I was terrified. Your brain shuts down – you cannot decide whether you should crawl underneath a desk or run out – especially when the quake just won't stop.
Disjointed thoughts chased one another helter-skelter through my mind: "How high are we? How many floors above us? How old is this building? Oh shit there goes another filing cabinet! I think I&…

I'm a fainéant

Next time I'm asked what my hobby is, I will say I'm a fainéant.
According to "Fainéant, French, alteration (influenced by fait néant, does nothing) of Old French faignant, idler, from present participle of faindre, feindre, to feign."
Now I just have to practise that nasal draw in the final syllable: fay-nee-aw.
PS: I stumbled across this word while checking whether soir was feminine or masculine. I dedicate this post to my favourite Francophile, Vox.

The agony of perfume

One of the good things about Japan is that its women do not drench themselves in perfume. If they use fragrance, it is usually light, floral or natural. I'm not sure what the reason is – awareness of population density or courtesy towards others – but this abstemiousness is a great blessing if you happen to be a hay fever victim.
This evening, as soon as I sat down in my train seat, my nose quivered. Then it twitched. Then it succumbed to olfactory agony. I could smell her before I could see her: it was a white (or whatever the PC term is) woman wearing a repugnantly cloying perfume. She was sitting in the same row, about six seats away. Perhaps it felt worse than it was because I'm not used to heavy perfume anymore, but that stuff had definitely not been applied sparingly.
I got up before we reached the next station, and fled to the next carriage. Even eau de sarariman le soir – sweat, smoke and alcohol – is better than that miasma of misery.

Slim vang sy baas

That Afrikaans expression means "too clever by half", and I'm guilty.
When you write a post about language and its correct use, it is virtually guaranteed that you will make a mistake in it, or at least use a contentious structure that will be challenged by a pundit.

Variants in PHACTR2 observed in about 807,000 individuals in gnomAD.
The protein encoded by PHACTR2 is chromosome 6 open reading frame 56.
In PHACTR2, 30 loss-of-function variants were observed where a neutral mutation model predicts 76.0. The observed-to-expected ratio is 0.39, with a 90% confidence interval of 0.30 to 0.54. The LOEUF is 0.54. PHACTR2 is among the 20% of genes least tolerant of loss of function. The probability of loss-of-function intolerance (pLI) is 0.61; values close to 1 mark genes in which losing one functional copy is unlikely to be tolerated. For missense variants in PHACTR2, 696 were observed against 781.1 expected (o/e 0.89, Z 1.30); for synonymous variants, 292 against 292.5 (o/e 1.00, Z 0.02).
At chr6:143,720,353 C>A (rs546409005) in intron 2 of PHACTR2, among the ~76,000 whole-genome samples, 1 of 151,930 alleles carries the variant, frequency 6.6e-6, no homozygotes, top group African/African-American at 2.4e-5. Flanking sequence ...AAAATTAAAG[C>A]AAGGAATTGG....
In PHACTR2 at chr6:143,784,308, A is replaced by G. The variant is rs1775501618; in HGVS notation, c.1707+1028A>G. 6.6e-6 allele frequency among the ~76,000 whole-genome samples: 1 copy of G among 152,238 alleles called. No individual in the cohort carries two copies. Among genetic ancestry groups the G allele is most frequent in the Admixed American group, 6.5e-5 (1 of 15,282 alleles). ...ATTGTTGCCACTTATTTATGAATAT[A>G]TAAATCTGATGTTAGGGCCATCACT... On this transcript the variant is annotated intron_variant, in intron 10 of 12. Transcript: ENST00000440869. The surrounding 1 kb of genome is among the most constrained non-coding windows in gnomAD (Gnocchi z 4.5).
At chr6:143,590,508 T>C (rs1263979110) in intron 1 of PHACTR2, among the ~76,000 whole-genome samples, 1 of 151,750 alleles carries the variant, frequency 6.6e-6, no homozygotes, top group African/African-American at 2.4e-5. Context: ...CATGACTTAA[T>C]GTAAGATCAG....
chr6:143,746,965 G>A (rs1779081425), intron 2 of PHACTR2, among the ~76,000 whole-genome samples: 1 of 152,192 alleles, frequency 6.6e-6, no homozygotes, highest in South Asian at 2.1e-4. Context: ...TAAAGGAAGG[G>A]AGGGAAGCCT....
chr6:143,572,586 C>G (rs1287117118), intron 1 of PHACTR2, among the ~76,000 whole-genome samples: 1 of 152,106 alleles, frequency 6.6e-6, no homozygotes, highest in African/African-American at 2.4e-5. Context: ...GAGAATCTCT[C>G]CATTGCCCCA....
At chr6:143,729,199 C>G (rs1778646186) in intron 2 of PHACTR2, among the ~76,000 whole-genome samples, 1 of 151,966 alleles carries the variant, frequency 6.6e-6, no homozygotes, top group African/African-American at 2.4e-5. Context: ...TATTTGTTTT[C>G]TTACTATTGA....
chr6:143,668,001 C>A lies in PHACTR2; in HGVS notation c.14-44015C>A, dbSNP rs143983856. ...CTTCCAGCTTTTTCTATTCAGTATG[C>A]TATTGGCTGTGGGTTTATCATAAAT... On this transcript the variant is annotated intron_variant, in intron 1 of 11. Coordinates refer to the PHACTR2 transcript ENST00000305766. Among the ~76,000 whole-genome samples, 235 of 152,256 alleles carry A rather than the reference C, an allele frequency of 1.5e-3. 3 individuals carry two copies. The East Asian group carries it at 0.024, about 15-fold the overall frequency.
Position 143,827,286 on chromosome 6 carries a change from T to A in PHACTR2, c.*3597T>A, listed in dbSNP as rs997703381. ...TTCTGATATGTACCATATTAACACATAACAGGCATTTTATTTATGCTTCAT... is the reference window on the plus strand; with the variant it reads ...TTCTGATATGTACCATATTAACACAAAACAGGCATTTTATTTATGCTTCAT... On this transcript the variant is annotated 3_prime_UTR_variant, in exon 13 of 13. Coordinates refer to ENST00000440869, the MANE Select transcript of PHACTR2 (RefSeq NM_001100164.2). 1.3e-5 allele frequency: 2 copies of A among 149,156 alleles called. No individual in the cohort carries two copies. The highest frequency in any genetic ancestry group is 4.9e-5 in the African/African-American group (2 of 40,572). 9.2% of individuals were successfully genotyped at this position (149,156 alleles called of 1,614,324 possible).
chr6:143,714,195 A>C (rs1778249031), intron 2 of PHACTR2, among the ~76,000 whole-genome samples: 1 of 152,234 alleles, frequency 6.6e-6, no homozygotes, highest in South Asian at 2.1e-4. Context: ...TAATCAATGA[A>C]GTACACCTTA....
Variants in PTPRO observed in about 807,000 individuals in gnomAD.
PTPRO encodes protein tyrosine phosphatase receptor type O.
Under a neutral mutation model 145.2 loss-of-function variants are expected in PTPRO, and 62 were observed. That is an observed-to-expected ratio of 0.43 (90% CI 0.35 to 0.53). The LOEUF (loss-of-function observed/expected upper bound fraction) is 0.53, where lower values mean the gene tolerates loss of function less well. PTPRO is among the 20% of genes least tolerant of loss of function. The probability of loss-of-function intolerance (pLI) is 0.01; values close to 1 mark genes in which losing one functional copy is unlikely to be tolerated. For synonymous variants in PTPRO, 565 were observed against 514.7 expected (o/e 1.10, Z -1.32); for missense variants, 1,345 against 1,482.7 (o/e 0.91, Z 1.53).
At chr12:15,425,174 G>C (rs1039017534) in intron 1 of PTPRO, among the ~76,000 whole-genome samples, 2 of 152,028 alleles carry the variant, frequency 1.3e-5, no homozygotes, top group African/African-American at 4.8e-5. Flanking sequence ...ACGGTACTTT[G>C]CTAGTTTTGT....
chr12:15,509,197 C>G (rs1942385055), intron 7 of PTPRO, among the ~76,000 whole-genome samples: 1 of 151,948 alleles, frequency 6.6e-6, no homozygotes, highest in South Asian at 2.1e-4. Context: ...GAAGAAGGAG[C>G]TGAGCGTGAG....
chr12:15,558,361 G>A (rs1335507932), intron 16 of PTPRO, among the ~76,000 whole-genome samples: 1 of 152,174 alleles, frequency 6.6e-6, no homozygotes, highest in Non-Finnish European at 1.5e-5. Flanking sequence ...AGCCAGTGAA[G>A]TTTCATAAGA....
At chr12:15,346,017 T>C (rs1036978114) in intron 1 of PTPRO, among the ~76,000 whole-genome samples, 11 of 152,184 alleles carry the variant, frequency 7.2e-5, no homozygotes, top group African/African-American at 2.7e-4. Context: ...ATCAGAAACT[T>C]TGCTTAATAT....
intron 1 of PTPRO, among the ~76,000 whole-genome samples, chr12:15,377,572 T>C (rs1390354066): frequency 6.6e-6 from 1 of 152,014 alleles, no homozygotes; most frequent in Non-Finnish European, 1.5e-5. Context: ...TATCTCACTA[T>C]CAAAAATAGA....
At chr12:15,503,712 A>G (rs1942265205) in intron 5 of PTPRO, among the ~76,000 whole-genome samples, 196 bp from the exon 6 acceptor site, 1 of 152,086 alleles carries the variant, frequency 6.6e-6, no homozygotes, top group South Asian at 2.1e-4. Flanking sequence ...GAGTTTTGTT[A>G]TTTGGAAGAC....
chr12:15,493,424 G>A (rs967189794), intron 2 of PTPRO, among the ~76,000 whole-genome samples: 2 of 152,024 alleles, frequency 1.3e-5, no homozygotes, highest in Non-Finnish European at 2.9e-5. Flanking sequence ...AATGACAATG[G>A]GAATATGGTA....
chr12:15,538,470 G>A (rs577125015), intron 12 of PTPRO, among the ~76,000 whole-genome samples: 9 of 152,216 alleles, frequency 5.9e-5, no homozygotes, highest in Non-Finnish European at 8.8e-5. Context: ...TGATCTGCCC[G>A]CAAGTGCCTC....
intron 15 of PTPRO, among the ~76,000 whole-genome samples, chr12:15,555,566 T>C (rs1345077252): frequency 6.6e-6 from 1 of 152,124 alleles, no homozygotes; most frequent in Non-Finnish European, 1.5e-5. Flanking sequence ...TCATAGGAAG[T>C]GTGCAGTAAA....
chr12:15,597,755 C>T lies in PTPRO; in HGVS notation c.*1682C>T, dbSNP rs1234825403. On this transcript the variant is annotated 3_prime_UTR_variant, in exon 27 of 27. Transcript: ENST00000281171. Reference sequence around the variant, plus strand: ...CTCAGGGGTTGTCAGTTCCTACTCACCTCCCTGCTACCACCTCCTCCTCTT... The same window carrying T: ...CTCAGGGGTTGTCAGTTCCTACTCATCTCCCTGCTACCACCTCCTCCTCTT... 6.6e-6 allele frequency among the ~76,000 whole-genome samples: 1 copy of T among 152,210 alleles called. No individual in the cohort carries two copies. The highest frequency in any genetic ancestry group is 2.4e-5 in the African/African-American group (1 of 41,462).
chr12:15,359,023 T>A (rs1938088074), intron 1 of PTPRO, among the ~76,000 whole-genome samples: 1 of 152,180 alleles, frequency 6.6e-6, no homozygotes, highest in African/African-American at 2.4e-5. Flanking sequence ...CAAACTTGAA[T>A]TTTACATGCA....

If I made an error in my post about copy editing, I'm not aware of it yet, but just after I published it, a rather embarrassing blooper in my first post was pointed out to me. I received a gleefully grinning "gotcha!" e-mail – and yes, an e-mail can definitely grin! – from a writer friend. "Enrichening? Really?" he asked.
Eish. Enriching. Mea culpa.
Several of my friends are writers or copy editors. We have an unspoken agreement that we are allowed to make typos and use sloppy grammar in our e-mails, but I hope they will keep me on a tight leash as far as my posts are concerned. That's what friends are for: to tell you when you're being an idiot. To the komainu at my grammar gate,…

A humdrum task

Sub-editors busied themselves with their humdrum task of reducing to blank nonsense the sheaves of misinformation which whistling urchins piled before them. – Evelyn Waugh, ScoopI have always worked with words – journalism, copy editing, copywriting, scriptwriting, publishing, book retail industry – and I am often entertained by the squabbling between the disciplines. (If I may interrupt myself with a typical copy editor's comment: that word has various spellings, including copy-editor and copyeditor. If you speak British English, you probably prefer sub-editor. I have chosen to use copy editor two words in this post. Live with it.)
Writers moan that copy editors are nit-picking neurotics; copy editors complain that writers are slaphappy slobs.
Then there is the bickering between copy editors and linguists about who has the greater insight into matters grammatical. Geoffrey K. Pullum of Language Log refers to the "pointless tone-deaf bossiness" of copy editors, but copy …

The nomad moves again

I have worked in various areas in Tokyo, and later this month I am moving to a workplace in yet another ward: Shinjuku.
I have never been a particular Shinjuku fan. It is on the wealthier north-western side of Tokyo, and acts as the gateway to the Tama River area which is so beloved by expats. (Think of it as the Bryanston/Sandton of Tokyo.) Shinjuku is new, modern, glitzy, frantic, trendy, very happening. It is bold, brash, unapologetically new money. Its focus is consumerism with a healthy dollop of hedonism added to the mixture.
Shinjuku is cut in two by the world's busiest railway station. The eastern side consists of Tokyo's famous red-light district Kabukicho, its equally famous gay district Shinjuku Ni-chōme and what is arguably Tokyo's premier shopping district. The western side or Nishi-Shinjuku is the business district with a plethora of dazzling skyscrapers and 5-star hotels. If you have seen the movie Lost in Translation, which I happen to hate, you have seen a f…